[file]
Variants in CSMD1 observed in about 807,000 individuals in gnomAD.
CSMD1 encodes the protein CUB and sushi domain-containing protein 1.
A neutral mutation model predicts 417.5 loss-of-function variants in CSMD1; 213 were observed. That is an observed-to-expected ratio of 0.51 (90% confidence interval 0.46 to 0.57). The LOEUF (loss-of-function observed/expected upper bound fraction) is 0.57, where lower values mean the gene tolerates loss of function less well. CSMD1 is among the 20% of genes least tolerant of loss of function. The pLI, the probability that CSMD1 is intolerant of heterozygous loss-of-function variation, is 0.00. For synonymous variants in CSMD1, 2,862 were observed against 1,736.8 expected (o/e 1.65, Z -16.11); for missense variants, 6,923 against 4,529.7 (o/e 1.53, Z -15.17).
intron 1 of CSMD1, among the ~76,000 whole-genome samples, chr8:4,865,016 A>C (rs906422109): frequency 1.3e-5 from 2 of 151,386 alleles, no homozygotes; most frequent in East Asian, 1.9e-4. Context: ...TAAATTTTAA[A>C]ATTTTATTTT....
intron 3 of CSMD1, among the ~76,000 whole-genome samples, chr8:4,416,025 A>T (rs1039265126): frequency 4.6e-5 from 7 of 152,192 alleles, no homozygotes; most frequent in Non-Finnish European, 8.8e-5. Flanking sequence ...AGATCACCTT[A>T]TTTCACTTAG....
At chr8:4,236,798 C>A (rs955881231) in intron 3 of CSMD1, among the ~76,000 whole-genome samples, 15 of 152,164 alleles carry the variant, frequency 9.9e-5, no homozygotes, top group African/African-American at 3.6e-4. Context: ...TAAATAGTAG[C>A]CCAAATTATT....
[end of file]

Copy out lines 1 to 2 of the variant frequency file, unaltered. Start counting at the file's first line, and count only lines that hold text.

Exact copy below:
Variants in CSMD1 observed in about 807,000 individuals in gnomAD.
CSMD1 encodes the protein CUB and sushi domain-containing protein 1.